MOTD should not point to https://landscape.canonical.com if you are not a customer

Bug #268447 reported by Thierry Carrez on 2008-09-10
78
This bug affects 9 people
Affects Status Importance Assigned to Milestone
Landscape Client
Undecided
Unassigned
update-motd
Undecided
Unassigned
ichthux-meta (Ubuntu)
Low
Ralph Janke
landscape-client (Ubuntu)
Undecided
Unassigned

Bug Description

Binary package hint: landscape-client

landscape-sysinfo is used to generate a MOTD message. By default, this message ends up with :

---
Graph these measurements at https://landscape.canonical.com
---

This graph service is only accessible to Landscape customers. The sysinfo module should probably differentiate between Landscape customers and regular users and avoid that sentence in the case you are not a Landscape client.

Jamie Strandboge (jdstrand) wrote :

It is an active choice to install landscape client, but as landscape-client is FLOSS and potentially can be used with other services besides Canonical, it seems clear that this advertising should not be present.

One solution might be to add an additional update-motd file can be added via a separate package that only Landscape customers would have installed.

Jamie Strandboge (jdstrand) wrote :

Actually, Thierry pointed out on IRC that landscape-client is Recommended by ubuntu-desktop, which means it will affect even more people.

Jamie Strandboge (jdstrand) wrote :

To clarify, I like the advertising in MOTD, but I think there should be a method via packaging to remove it to accommodate all users. I'm specifically thinking of users who want to use landscape-sysinfo, but not with Landscape. The current packaging requires users to modify configuration files after install, which may be problematic for certain classes of users. Another idea might be to add a low priority debconf question for landscape-sysinfo to not include the advertising, which would allow for preseeding and derivative distributions to modify this easily.

Christopher Armstrong (radix) wrote :

There's a configuration mechanism for selecting which plugins sysinfo should use, and each feature of sysinfo is implemented as a plugin, including the footer which prints the link to landscape.canonical.com. Unfortunately there is a bug which prevents the configuration from being read from /etc/landscape/, which I'll be fixing very soon.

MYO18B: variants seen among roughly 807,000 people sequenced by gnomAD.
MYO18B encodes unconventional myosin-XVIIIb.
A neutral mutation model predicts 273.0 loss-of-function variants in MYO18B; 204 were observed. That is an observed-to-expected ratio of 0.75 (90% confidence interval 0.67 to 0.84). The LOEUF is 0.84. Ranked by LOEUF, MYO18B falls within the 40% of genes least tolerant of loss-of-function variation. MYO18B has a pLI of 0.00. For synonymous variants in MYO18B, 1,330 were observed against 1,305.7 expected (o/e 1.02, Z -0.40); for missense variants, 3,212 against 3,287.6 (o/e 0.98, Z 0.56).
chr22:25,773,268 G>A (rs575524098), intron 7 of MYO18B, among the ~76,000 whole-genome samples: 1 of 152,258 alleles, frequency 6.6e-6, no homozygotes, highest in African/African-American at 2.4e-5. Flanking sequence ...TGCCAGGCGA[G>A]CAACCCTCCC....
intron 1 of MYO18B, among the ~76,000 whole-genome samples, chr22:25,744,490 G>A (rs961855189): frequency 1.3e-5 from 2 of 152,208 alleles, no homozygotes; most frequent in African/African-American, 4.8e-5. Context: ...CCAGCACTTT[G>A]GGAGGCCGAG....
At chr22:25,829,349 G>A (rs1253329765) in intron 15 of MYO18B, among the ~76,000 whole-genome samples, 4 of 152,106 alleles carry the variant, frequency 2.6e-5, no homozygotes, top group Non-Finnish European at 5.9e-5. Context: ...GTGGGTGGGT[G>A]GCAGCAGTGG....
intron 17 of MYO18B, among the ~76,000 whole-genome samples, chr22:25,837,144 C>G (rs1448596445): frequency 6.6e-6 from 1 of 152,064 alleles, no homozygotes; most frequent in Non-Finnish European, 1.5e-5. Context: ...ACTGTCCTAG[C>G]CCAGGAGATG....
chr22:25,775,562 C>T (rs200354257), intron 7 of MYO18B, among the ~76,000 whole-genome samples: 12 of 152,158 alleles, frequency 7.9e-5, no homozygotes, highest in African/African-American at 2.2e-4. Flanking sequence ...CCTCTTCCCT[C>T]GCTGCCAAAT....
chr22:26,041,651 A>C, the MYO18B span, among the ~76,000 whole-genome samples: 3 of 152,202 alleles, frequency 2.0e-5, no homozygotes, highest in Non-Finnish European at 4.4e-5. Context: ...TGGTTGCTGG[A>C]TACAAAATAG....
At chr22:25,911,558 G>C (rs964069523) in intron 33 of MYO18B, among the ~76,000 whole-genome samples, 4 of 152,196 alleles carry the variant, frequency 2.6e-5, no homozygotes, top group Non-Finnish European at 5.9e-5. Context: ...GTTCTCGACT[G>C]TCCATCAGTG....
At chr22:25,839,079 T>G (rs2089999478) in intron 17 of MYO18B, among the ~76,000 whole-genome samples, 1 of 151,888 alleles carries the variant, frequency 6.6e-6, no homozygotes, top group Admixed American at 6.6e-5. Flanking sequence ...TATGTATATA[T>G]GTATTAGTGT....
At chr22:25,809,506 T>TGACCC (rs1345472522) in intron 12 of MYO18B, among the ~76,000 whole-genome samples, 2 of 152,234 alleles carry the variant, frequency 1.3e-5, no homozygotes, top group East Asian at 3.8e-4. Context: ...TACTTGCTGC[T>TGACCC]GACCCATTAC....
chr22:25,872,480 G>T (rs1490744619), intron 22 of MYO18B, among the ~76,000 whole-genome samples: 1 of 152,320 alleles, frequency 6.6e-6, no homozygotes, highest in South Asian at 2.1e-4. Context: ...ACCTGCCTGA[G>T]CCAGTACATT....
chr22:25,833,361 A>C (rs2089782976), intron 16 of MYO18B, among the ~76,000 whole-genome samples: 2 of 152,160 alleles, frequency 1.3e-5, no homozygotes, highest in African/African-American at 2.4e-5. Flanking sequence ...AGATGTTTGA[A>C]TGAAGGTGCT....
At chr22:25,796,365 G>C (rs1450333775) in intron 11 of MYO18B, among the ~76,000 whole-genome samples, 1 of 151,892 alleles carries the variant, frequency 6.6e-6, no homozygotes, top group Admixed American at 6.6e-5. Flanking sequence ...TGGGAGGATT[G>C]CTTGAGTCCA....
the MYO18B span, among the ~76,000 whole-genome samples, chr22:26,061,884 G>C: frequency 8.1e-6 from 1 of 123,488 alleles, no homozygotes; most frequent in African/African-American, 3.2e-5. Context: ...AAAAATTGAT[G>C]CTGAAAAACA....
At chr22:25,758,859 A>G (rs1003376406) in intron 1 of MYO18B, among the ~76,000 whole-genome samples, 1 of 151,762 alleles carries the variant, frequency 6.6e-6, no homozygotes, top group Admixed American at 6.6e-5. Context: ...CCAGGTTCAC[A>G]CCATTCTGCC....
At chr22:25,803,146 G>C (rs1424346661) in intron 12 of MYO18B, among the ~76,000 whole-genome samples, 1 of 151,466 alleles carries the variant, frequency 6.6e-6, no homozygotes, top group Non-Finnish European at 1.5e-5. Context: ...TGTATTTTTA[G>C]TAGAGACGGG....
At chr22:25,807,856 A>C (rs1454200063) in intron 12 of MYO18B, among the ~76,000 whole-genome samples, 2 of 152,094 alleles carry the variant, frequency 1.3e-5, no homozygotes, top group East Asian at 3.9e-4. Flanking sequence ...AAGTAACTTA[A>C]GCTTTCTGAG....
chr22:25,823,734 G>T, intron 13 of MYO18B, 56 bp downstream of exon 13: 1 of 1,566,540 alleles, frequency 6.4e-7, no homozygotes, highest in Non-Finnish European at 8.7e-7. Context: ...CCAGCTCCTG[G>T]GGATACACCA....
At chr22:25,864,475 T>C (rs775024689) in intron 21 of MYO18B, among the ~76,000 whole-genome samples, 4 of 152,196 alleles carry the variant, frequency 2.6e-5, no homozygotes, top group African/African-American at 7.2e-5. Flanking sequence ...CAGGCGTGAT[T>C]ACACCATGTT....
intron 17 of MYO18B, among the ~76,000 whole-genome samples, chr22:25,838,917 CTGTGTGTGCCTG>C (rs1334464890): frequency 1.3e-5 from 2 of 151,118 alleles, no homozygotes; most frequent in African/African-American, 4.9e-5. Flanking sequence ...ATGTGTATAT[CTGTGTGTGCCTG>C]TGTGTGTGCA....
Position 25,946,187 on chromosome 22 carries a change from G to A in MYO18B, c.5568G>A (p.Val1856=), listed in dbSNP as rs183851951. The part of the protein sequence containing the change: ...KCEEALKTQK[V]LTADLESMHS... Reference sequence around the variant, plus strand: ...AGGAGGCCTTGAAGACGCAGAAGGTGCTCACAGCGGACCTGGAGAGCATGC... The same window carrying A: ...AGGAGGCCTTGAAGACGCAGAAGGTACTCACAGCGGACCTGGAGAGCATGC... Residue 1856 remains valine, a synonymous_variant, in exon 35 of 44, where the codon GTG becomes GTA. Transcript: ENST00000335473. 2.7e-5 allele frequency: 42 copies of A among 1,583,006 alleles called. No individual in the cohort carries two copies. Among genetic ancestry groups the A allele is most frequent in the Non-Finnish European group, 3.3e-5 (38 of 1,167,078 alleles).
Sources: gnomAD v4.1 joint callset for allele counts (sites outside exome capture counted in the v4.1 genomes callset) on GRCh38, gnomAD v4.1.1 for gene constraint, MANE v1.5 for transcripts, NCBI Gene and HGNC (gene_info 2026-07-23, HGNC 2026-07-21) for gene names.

Andreas Hasenack (ahasenack) wrote :

That other bug Chris mentions is #268560

Jeffrey Baker (jwbaker) wrote :

Landscape was automatically installed on my systems (I've never heard of it) and I consider its MOTD exhortations to visit landscape.canonical.com an intrusive form of unwanted commercial advertising. The message should be gotten rid of in MOTD, or whatever causes landscape to be installed automatically in Intrepid should be changed.

Mark Shuttleworth (sabdfl) wrote :

How intrusive is the link? My understanding is that it's a single link, and is configurable. Would there be better wording to lead folks to the ability to graph that information?

The current MOTD printed to the screen on login looks like this (and
is not intrusive at all, in my opinion):

---------------------------------------------------------------------------------------------------------------------
Linux t61p 2.6.27-4-generic #1 SMP Wed Sep 24 01:29:06 UTC 2008 x86_64

The programs included with the Ubuntu system are free software;
the exact distribution terms for each program are described in the
individual files in /usr/share/doc/*/copyright.

Ubuntu comes with ABSOLUTELY NO WARRANTY, to the extent permitted by
applicable law.

To access official Ubuntu documentation, please visit:
http://help.ubuntu.com/

  System load: 0.2 Swap usage: 0% Users logged in: 1
  Usage of /: 48.7% of 19.84GB Temperature: 43 C
  Memory usage: 35% Processes: 183

  Graph these measurements at https://landscape.canonical.com
You have new mail.
Last login: Tue Sep 30 13:19:32 2008 from localhost
---------------------------------------------------------------------------------------------------------------------

Jeffrey Baker (jwbaker) wrote :

Software written by me is shipping in Ubuntu, but a link to my commercial service is not printed in MOTD. See the problem? If everybody starts spamming up the links to their commercially supported products, the user will be seeing a lot more adverts. Basically it's a bad policy, and slight affront to the authors of the software you ship, and a nuisance to the user.

Kees Cook (kees) wrote :

I think Jeffrey put it well. If this package is installed by default, then every user logging into any stock Ubuntu server will see the advertisement. I think the fact that is it text makes it more problematic, since other kind of commercial advertisements tend to be in web applications, and blend in better (gallery2 and rt3 come to mind). Additionally, only the admin can take action with that link, so it's not really useful for other users to even see it.

Hugh Saunders (hughsaunders) wrote :

In my opinion there shouldn't be canonical adverts displayed in a default ubuntu install.
However if there are going to be adverts, it should be made obvious that they are for a product, not a free software project. Some users maybe unaware of the details of the ubuntu/canonical relationship and so wouldn't know from the URL that its not going to be free (beer).